Ford Motor Co and General Motors will be individually suspending production in Michigan next week due to supply chain constraints. However, it’s difficult not to notice that the chosen facilities are responsible for lower-volume models they could probably afford to idle.
GM is stalling Lansing Grand River Assembly and Stamping, citing a parts shortage it said had nothing to do with the ongoing deficit of semiconductor chips. The company later stated that the Russo-Ukrainian war had not played a factor, abandoning the two most popular excuses for why something isn’t being done in 2022. Meanwhile, Ford has said the chip shortage has everything to do with its temporary closure of Flat Rock Assembly.
The global shortage of semiconductor chips has really done a number on the industry and it’s just one of several major supplier issues created by our response to the pandemic. Years from now, people will look back and use the benefit of hindsight to come up with the perfect solution to a problem that has since evaporated. But all we can manage in the present is an up-to-date tally on how much product is being lost and wait for better news.
AutoForecast Solutions (AFS) has been keeping tabs on the situation and recently updated its numbers through the week of April 30th. Production schedules in North America are now reportedly 121,000 vehicles shy of where they’re supposed to be. Though we need to pull back and take a gander at what the whole industry was facing ahead of the latest figures to have a more complete understanding of this particularly dire automotive quagmire.
The Alliance for Auto Innovation (AAI) is hard at work begging the federal government for help while the world continues coping with the semiconductor chip shortage, though it’s hardly the first time the industry has asked for or received administrative assistance. With pandemic lockdowns throwing global supply chains into a tailspin, U.S President Joe Biden said his administration would be seeking $37 billion and new legislation to address the chip shortage while federal agencies were directed to see what could be done in the interim.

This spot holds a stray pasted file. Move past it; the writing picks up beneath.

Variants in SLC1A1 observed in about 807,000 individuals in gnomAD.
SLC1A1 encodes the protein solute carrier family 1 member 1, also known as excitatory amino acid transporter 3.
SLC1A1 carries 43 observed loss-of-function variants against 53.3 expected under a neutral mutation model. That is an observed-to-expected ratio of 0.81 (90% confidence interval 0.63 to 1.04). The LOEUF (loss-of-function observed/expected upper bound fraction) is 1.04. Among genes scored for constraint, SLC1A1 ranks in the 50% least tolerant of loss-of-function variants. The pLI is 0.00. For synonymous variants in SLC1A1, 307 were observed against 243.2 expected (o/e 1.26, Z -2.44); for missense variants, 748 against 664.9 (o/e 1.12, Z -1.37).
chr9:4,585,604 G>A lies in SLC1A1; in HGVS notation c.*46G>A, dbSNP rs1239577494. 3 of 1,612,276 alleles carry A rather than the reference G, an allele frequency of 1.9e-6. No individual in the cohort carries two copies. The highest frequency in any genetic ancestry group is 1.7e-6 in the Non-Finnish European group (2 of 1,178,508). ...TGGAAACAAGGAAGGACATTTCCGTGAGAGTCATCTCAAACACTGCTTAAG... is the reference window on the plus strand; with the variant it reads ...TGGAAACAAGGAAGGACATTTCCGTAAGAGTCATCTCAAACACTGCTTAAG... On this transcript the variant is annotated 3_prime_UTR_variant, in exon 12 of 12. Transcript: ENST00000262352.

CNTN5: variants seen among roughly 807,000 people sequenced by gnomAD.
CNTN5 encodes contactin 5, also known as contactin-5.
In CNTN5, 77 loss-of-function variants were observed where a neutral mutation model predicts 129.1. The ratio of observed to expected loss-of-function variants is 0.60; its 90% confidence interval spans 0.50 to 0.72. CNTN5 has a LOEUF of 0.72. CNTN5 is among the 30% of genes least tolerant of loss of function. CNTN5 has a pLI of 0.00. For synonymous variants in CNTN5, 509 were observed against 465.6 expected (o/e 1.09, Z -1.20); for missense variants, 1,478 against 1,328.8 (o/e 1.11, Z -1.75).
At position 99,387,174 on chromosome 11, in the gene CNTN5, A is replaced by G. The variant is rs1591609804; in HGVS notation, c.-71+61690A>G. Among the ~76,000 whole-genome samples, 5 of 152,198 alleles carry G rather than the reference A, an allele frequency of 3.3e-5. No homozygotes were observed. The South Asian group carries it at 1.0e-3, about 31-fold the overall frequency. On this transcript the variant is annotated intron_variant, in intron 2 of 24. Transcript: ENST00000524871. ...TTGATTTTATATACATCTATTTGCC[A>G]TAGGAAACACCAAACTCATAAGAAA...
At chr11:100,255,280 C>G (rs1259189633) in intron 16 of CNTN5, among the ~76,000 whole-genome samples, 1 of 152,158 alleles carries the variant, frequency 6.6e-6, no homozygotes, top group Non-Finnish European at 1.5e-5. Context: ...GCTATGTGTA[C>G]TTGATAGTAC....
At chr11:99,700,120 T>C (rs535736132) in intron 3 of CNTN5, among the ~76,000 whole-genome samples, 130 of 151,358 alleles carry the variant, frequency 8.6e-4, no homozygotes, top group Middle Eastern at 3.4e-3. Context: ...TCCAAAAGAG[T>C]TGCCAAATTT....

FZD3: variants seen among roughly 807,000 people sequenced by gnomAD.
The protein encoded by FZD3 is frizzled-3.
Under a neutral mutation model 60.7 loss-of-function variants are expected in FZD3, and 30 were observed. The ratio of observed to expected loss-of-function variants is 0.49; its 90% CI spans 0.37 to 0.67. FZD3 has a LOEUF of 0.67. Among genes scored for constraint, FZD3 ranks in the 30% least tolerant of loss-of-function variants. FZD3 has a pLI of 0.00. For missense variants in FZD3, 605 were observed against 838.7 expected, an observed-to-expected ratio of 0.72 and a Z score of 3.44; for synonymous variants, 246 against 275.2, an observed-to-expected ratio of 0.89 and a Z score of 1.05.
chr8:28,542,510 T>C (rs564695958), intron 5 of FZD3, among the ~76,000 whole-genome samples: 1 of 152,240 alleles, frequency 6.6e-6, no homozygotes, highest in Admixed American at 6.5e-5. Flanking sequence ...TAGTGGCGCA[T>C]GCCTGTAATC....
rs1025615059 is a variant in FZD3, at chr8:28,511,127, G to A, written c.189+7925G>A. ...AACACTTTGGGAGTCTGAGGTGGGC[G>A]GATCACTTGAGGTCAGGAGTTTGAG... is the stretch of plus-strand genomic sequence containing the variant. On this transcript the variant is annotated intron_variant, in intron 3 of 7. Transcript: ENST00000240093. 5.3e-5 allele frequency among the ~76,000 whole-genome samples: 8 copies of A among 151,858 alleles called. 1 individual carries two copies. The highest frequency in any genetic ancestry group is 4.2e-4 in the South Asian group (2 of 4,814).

But there’s little to be done with the brunt of the relevant manufacturing taking place in Asia, hence the AAI lobby requesting U.S. Commerce Department set aside some cash for domestic chip production in a new bill.
While the global semiconductor shortage is often reported as this out-of-nowhere surprise that has totally rattled smartphone and automotive manufacturers, 2020 was rich with signals that trouble was afoot. Global lockdowns forced factories to shut down, creating a lapse in demand in damn-near everything. By the time lines started firing back up, supply chains had become a disorganized mess. Nobody knew quite where to focus their efforts. But it was clear that everyone was going to be spending a lot more time indoors, resulting in an elevated need for the sort of components that go into mobile devices, television sets, personal computers, and other electronic gizmos.
Automobiles saw demand suppressed by around 15 percent (year-over-year) in 2020. However, the year ended with increased demand the industry figured would carry over into 2021. That, in conjunction with vehicles needing more semiconductor chips than ever to make sure they’re equipped with the latest features and perpetually connected to the internet, has automakers sweating. Practically every name in the industry has announced production shortfalls. But just exactly how many vehicles are we expected to lose from this?
Thanks to the ongoing coronavirus outbreak in China, the Beijing auto show has reportedly been postponed. While the event was supposed to take place at the end of April, making its yearly trade with the similarly biannual Shanghai trade show, organizers have decided it’s not worth the risk.
Over 70,000 people have reportedly contracted the virus thus far, with the death toll estimated to be somewhere around 1,700. The White House recently said it did not have “high confidence in the information coming out of China,” estimating higher figures. Travel and shipping bans further complicate the matter. Germany’s Automobilwoche said exhibitors wouldn’t be able to ship displays into the country anyway, referencing health notices sent to global logistics organization CIETC.
Not that there’s ever a good time for a global pandemic threat, but the coronavirus currently sweeping through Asia really could have scheduled itself more conveniently. China was already in the midst of an economic downturn when the virus reared its ugly head, with the country’s automotive sector having just moved backward for the second year in a row. The outbreak, centered in the Hubei province’s capital of Wuhan, is guaranteed to worsen the issue.
Responsible for about a tenth of China’s automotive manufacturing power, the region has basically gone dark since the outbreak picked up steam late last month. Over 50 million people are now presumed to be under house arrest due to the Chinese quarantine. Forbidden from going outside, they’re hardly likely to risk infection and government ire just to put for a few hours at their local factory. They also aren’t going to run out to their nearest dealership to support the ailing economy — but that’d be the first place to go after the sequestration ends.
If I were in their shoes, I certainly wouldn’t be taking the bus for a while.
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